Katzenberg angry over Warner's 'Clash of the Titans' 3-D release
DreamWorks Animation chief Jeffrey Katzenberg went into overdrive last week after Warner Bros. announced plans to release its movie "Clash of the Titans" in 3-D, stepping on the toes of DreamWorks' animated release "How to Train Your Dragon," according to people with knowledge of the situation.
Katzenberg shot off an e-mail to Warner Bros. Entertainment Chairman Barry Meyer last week, protesting his studio's decision to release the film April 2, a week after the debut of "How to Train Your Dragon," said a person familiar with the matter.
The DreamWorks chief also communicated his displeasure to at least one other top Warner executive.
Representatives of both studios declined to comment.
Warner Bros. originally planned to release the remake of the 1981 Greek mythology tale in 2-D on March 26 -- the same day "How to Train Your Dragon" is opening. But on Feb. 2, the Burbank studio surprised many in the industry when it announced it was also releasing the movie in 3-D and putting off its release by one week.
That didn't sit well with Katzenberg, one of Hollywood's biggest champions of 3-D movies, who was counting on having the lion's share of 3-D screens for "Dragon." The reaction was understandable since the decision will leave "Dragon" with fewer available 3-D screens. There are currently about 3,500 3-D screens in the U.S. DreamWorks plans three 3-D films this year.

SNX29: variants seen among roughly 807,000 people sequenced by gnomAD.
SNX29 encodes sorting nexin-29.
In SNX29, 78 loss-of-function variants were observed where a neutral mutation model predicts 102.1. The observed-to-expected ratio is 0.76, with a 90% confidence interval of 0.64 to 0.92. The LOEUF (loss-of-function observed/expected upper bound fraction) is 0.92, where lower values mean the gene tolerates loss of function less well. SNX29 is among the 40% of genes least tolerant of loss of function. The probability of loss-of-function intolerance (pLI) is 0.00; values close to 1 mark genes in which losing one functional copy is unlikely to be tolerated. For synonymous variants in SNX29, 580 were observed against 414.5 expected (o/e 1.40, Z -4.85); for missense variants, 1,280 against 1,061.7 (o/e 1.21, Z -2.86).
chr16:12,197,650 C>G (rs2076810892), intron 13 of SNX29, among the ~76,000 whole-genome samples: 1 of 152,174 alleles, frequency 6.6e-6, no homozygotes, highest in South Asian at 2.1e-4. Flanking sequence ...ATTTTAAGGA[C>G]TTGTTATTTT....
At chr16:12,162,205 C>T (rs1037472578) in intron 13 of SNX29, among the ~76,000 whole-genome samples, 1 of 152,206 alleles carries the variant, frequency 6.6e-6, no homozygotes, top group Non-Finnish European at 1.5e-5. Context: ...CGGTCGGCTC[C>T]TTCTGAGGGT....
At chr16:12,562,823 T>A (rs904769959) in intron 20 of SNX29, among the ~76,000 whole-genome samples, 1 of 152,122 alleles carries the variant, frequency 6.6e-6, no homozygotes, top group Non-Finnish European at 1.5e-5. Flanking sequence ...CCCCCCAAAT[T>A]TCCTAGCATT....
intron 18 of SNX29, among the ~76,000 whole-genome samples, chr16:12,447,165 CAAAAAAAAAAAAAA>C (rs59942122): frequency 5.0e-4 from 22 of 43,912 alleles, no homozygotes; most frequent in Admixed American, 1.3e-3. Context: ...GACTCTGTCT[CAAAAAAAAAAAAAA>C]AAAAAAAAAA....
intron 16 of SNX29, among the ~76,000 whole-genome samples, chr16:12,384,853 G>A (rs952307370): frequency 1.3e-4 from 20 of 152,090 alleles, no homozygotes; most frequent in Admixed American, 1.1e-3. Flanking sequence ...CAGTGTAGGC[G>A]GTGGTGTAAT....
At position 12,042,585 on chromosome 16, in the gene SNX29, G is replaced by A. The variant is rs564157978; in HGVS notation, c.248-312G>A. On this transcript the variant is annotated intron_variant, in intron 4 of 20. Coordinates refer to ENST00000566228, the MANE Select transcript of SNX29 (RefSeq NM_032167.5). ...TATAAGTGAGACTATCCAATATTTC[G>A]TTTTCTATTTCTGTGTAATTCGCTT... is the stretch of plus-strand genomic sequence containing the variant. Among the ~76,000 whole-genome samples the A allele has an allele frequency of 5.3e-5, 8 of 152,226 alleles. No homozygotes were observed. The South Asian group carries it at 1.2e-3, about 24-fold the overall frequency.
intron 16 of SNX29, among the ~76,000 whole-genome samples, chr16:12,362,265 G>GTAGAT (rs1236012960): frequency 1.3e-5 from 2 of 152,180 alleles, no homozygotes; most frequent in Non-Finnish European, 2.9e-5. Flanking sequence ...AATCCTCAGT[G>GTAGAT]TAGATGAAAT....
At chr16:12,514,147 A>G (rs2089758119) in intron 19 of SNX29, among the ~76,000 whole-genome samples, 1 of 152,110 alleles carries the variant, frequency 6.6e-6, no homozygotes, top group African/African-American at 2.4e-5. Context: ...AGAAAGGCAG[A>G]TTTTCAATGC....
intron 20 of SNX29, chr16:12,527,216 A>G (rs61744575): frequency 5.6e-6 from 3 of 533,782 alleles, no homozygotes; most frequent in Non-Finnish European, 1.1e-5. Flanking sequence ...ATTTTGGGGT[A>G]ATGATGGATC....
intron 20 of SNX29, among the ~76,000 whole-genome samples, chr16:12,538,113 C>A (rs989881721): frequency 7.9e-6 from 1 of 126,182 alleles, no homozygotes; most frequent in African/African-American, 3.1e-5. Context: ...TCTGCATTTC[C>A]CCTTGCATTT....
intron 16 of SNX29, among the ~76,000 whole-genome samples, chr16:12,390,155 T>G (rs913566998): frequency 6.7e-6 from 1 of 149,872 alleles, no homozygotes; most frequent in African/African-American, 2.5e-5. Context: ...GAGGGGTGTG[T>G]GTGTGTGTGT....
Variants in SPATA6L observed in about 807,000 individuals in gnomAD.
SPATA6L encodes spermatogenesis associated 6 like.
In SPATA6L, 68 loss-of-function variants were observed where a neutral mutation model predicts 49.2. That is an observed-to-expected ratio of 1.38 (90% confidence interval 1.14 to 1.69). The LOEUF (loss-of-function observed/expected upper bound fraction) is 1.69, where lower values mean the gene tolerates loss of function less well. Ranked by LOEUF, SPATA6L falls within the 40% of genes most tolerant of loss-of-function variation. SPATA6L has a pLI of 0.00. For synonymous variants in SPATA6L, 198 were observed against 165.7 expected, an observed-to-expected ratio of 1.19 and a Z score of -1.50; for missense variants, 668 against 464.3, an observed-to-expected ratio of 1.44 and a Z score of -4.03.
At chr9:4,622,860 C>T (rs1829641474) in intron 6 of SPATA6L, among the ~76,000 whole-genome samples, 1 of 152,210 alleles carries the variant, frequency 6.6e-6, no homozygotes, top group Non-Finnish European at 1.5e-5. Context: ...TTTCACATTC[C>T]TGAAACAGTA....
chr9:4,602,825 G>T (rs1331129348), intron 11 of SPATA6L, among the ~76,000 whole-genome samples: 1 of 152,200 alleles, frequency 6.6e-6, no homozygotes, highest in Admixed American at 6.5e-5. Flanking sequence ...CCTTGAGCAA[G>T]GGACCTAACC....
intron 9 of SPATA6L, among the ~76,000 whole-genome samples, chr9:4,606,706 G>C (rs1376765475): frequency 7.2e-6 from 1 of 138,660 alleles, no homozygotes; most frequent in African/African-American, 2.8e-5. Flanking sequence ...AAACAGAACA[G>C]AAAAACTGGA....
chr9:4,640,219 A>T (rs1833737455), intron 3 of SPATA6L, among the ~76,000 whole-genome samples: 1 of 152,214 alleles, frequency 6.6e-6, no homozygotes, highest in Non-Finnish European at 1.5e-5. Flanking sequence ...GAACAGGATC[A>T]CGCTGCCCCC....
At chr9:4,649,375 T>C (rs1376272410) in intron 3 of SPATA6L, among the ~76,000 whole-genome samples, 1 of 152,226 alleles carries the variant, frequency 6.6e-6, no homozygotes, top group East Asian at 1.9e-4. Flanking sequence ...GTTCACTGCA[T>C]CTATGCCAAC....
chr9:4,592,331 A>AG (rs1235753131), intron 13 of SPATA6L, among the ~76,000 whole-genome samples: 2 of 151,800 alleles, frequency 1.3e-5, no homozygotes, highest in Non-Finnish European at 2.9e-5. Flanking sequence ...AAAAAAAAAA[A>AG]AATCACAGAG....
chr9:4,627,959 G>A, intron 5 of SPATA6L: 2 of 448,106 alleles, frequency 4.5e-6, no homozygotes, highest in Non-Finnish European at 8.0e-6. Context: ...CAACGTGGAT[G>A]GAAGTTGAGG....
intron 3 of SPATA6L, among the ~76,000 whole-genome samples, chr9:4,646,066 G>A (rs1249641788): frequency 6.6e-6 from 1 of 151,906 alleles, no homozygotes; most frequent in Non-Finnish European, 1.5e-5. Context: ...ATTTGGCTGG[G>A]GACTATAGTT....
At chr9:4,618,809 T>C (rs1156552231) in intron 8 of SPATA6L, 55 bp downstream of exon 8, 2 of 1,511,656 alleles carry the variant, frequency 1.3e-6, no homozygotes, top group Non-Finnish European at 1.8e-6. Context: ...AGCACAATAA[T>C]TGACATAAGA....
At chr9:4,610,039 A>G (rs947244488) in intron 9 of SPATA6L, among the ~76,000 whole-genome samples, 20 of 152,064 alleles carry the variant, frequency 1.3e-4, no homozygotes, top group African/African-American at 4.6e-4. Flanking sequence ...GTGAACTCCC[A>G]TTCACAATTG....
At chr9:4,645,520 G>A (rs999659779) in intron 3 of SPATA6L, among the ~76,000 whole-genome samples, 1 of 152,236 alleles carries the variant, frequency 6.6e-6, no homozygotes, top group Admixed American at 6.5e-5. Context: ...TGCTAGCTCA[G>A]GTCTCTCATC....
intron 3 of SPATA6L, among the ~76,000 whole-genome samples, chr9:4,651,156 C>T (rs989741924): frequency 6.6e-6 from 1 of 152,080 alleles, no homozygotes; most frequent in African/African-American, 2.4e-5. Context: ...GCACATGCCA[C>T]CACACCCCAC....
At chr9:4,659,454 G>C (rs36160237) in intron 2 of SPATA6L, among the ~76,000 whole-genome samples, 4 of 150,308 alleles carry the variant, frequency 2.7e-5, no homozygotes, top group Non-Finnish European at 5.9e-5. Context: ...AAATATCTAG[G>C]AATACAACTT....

For its part, Warner Bros. is simply trying to cash in on the 3-D bandwagon, fueled by the massive success of James Cameron's 3-D sci-fi epic "Avatar."
Although JPMorgan Chase has raised nearly $700 million to help speed up the rollout of 3-D systems in theaters, the shortage of screens has intensified friction among studios as they compete for a limited number of screens.
Despite the new funding, it will take months before the new digital systems are installed, leading to a bottleneck for 3-D films, especially in March, when Walt Disney Pictures also releases "Alice in Wonderland" in 3-D. What's more, "Avatar" could still be in theaters.
-- Richard Verrier and Claudia Eller
Photos: Jeffrey Katzenberg (right) and Barry Meyer. Credits: Alberto Rodriguez and Chip Somodevilla, Getty Images